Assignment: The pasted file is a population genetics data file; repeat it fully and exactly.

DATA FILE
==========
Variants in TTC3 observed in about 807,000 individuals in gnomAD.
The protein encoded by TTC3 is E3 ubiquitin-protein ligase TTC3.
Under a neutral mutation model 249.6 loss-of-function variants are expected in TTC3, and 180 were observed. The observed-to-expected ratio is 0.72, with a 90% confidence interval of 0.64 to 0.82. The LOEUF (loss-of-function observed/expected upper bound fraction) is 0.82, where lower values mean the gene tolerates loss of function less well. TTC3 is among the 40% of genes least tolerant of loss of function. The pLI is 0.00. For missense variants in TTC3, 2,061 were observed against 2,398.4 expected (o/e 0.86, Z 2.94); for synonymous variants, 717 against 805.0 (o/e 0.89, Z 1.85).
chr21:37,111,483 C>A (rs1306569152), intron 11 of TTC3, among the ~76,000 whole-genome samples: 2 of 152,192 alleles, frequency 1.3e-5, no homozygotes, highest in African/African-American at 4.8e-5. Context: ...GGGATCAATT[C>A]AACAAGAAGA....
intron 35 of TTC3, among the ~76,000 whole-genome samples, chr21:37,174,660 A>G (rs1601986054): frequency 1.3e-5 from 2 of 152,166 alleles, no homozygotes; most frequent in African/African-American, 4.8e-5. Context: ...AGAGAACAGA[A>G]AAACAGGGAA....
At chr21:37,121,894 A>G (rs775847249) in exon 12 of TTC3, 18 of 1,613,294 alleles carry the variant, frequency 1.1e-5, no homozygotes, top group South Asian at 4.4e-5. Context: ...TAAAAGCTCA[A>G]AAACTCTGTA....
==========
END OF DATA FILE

Variants in TTC3 observed in about 807,000 individuals in gnomAD.
The protein encoded by TTC3 is E3 ubiquitin-protein ligase TTC3.
Under a neutral mutation model 249.6 loss-of-function variants are expected in TTC3, and 180 were observed. The observed-to-expected ratio is 0.72, with a 90% confidence interval of 0.64 to 0.82. The LOEUF (loss-of-function observed/expected upper bound fraction) is 0.82, where lower values mean the gene tolerates loss of function less well. TTC3 is among the 40% of genes least tolerant of loss of function. The pLI is 0.00. For missense variants in TTC3, 2,061 were observed against 2,398.4 expected (o/e 0.86, Z 2.94); for synonymous variants, 717 against 805.0 (o/e 0.89, Z 1.85).
chr21:37,111,483 C>A (rs1306569152), intron 11 of TTC3, among the ~76,000 whole-genome samples: 2 of 152,192 alleles, frequency 1.3e-5, no homozygotes, highest in African/African-American at 4.8e-5. Context: ...GGGATCAATT[C>A]AACAAGAAGA....
intron 35 of TTC3, among the ~76,000 whole-genome samples, chr21:37,174,660 A>G (rs1601986054): frequency 1.3e-5 from 2 of 152,166 alleles, no homozygotes; most frequent in African/African-American, 4.8e-5. Context: ...AGAGAACAGA[A>G]AAACAGGGAA....
At chr21:37,121,894 A>G (rs775847249) in exon 12 of TTC3, 18 of 1,613,294 alleles carry the variant, frequency 1.1e-5, no homozygotes, top group South Asian at 4.4e-5. Context: ...TAAAAGCTCA[A>G]AAACTCTGTA....